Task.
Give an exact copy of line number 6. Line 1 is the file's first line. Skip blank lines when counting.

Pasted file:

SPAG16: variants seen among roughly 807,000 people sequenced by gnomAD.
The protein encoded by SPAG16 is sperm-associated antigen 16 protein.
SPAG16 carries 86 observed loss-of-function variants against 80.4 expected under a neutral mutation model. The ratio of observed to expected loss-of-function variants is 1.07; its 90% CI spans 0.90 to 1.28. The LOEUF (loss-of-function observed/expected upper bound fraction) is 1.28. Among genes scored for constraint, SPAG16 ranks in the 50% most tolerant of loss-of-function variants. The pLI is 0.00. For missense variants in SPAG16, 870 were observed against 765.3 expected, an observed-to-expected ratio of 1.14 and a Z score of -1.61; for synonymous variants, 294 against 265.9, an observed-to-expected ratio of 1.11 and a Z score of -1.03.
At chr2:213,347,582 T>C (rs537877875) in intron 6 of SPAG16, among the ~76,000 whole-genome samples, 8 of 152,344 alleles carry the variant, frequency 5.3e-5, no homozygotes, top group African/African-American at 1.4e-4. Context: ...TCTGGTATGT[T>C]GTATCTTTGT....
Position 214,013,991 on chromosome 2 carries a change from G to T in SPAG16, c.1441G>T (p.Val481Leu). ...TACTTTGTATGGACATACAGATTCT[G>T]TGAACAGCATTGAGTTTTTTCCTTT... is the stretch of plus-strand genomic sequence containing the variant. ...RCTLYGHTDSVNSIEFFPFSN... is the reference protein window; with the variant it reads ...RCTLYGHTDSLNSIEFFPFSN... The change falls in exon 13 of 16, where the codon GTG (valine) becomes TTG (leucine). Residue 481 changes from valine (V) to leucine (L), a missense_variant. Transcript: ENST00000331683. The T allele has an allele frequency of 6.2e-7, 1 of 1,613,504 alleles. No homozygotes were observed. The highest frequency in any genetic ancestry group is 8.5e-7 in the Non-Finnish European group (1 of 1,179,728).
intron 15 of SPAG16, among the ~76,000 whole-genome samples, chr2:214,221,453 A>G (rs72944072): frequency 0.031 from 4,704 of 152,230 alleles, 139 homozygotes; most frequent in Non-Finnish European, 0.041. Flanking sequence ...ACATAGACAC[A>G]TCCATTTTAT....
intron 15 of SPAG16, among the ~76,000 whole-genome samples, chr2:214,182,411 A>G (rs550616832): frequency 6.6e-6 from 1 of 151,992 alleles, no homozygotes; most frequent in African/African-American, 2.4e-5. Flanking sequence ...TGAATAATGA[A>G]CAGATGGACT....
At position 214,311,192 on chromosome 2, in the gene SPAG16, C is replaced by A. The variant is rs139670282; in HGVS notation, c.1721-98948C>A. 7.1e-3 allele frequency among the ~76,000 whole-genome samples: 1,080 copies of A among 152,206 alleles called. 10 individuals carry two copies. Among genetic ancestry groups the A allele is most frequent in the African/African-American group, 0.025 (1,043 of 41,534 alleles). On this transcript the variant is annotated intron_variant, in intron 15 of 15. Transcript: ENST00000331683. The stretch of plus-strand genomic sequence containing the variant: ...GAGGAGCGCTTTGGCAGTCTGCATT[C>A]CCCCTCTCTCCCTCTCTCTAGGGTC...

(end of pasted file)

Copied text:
intron 15 of SPAG16, among the ~76,000 whole-genome samples, chr2:214,221,453 A>G (rs72944072): frequency 0.031 from 4,704 of 152,230 alleles, 139 homozygotes; most frequent in Non-Finnish European, 0.041. Flanking sequence ...ACATAGACAC[A>G]TCCATTTTAT....